Pushkar to Jaipur
3 hours by car
Jaipur is known as the Pink City of Rajasthan, and if it wasn't for Wikipedia, I wouldn't know why. While Jodhpur and Jaisalmer weren’t painted in blue and gold as their nicknames indicate, there were still hints of the colors giving credit to the names Blue City and Golden City respectively. Jaipur had hints of a pinkish hue here and there, but I definitely wouldn't have given it the title, Pink City. It turns out, during the reign of Sawai Ram Singh (1876), the city of Jaipur was painted pink to welcome the Prince of Wales, as the color is known to represent hospitality. Jaipur is both the capital and largest city in Rajasthan with a population of over three million, and in many ways, it shows.
Ram, our driver, encouraged us to spend most of our time in Jaipur. As I said before, knowing what I know now, I would have done things a little differently, but in the end, having four nights in Jaipur was great. The only tourist attraction we visited was Amer Fort (also called Amber Fort) where you can take an elephant safari up to the gates (we didn’t for various reasons, the main one being obvious).
We also visited a couple textile shops, where everyone once again holds claims to designing for Anthropologie and being best buds with Richard Gere. Watching the process of hand beadwork and embroidery was extraordinary, and we even got to participate in some of the block printing! Just be warned, if you visit a warehouse, you will have to sit through a thirty minute spiel on all the different types of fabrics and designs (once again, claiming rights to Hermes, Donna Karan, Miu Miu, etc). We settled into Rajasthan capital city by falling into normal city routines, including going to a movie theater!
I had been dying to see a Bollywood film and sadly the only film we were able to get tickets to was one about Cricket, a sport I know nothing about and care even less about learning. Plus, I was positive there would be no singing and dancing. Brian, Ram, and I decided to go anyway while I held out hope that the cricket team would break down into song and dance. Unfortunately, this didn't happen. What did happen though was completely unexpected. First of all, the movie was in Hindi sans English subtitles. Fail. Secondly, going to a movie in India is like watching a movie in your living room and inviting the entire neighborhood over to watch while they're all talking on their cell phones. Lastly, the films are over four hours long, and when the movie faded into intermission (yes there was an intermission), we decided it was time to leave, along with half the theater which does not indicate it was a poor film, just locals don't sit through the entire movie. It was very strange, but I'm glad we experienced it. Oh, and we somehow managed to leave without any pictures except this one, which shows nothing of the beautiful theater.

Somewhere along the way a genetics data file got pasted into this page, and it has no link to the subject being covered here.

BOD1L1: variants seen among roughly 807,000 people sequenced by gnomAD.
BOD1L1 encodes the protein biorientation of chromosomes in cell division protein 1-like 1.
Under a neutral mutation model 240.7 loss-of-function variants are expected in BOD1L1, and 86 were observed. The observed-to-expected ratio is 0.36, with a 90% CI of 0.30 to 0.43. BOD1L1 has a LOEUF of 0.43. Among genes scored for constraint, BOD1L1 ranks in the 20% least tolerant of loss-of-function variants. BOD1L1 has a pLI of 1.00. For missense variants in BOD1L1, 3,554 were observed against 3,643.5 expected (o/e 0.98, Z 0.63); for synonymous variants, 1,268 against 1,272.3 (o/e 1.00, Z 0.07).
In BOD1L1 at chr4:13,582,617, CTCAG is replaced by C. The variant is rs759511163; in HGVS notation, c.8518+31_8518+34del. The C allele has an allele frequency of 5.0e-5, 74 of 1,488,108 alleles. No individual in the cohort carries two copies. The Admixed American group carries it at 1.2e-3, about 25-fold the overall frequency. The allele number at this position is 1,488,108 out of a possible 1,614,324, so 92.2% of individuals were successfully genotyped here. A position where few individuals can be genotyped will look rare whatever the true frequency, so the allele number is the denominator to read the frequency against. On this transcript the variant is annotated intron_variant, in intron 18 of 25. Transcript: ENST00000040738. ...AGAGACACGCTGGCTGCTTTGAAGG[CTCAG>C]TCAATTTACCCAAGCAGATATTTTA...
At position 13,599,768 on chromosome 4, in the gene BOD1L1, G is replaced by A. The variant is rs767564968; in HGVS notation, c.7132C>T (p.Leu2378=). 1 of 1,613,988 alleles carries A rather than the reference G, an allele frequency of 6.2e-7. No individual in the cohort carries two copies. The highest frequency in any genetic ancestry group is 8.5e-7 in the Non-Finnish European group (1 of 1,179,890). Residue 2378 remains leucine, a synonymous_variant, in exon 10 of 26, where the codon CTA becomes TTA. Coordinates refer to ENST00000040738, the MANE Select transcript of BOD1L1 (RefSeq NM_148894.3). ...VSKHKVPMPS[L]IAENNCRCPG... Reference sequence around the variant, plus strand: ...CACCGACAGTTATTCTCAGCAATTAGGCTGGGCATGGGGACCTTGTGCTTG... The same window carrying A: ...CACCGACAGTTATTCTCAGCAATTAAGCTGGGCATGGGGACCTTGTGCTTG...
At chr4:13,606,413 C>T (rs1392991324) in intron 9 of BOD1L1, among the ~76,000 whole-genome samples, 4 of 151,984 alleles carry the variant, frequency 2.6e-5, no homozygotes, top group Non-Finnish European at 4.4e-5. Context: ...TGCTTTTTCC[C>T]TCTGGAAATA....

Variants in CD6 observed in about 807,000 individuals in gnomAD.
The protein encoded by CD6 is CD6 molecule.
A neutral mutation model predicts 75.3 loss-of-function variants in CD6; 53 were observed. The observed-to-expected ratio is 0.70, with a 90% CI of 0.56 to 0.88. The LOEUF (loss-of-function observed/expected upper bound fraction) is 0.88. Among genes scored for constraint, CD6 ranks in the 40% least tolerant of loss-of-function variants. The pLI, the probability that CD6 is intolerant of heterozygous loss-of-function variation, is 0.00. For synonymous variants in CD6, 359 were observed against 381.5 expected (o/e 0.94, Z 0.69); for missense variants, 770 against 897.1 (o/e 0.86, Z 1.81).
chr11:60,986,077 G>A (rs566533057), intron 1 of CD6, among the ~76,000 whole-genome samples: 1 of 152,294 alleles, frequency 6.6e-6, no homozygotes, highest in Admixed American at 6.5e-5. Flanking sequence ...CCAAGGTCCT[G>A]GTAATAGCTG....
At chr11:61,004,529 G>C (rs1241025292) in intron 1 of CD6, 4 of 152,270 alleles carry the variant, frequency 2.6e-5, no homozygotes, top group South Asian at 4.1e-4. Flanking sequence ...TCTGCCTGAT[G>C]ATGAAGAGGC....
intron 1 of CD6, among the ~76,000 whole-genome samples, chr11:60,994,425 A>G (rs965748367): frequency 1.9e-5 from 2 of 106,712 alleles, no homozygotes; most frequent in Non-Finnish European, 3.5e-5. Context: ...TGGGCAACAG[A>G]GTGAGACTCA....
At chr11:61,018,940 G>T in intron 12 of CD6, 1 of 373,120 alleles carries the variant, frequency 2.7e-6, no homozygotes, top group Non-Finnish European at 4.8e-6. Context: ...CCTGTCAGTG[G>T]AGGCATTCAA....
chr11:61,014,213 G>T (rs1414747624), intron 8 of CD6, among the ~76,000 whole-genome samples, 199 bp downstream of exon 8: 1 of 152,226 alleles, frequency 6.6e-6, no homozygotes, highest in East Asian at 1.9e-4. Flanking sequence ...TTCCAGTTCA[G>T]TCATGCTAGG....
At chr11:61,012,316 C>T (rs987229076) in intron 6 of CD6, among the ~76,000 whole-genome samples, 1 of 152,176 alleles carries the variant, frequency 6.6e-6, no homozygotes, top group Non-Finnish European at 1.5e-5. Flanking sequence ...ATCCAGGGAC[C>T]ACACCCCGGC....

We found the best Indian restaurant in all of India in Jaipur. After asking various shop owners, they directed us to a staircase that led us to Ganesh Restaurant. Upon seeing it, Brian and I both agreed that this was going to be our downfall. We were definitely going to get sick after eating here but we were so hungry we didn’t care. It turns out, Ganesh is actually really popular and featured on several travel blogs. So much for that hidden gem! Regardless, it was delicious and the garlic naan cannot be missed!
We also found our favorite Lassi shop which I still dream about today. Its a local chain called Lassi Walla and I believe there are three around the city. We visited the one in Ramganj Bazar EVERY SINGLE DAY. We were the only ones ordering large lassis and by the second day the guys knew us and our order. Its 25 rupees (.35 cents) for a small and 50 rupees (.75 cents) for a large. They are served in the original way of a clay cup that you just throw away afterwards. The saying goes that drinking a lassi every day makes you strong. That's at least what they kept telling us every day we inhaled ours! I would go back to Jaipur right now JUST for that lassi! Oh, and again, we managed to visit this establishment everyday and left without a single picture, so here are a couple via Google image search.
We spent one day shopping through the bazaars until our feet were bleeding. Seriously, I broke my sandals and had to buy a new pair, which isn't easy since I was blessed with giant feet. I ended up buying a pair of men's sandals and tried to ignore the fact that the locals were all staring at my feet in disbelief.
My cousin needed all her jewelry for her wedding and since everything in India is cheaper, we offered to do the shopping! I was pumped! Brian was not. I became the negotiating queen! Seriously, if we left it up to Brian, we would have been leaving India over budget, but I wouldn’t take no for an answer. My advice to you is always start at 70% less than their initial offer until you get to the final price you are comfortable spending, and if they say no, just walk away. More often than not, they will chase you out of the store and sell it to you at your price. If that doesn’t work, our other method was just putting the amount of money we wanted to spend in their hands. When they are holding the money, its less likely they will give it back! One of these days I’ll write an entire post dedicated to shopping in India. I promise!
Our two week journey through Rajasthan finally came to an end and left The Land of Kings for our short drive into Agra, and paid an unexpected visit to Ram's hometown.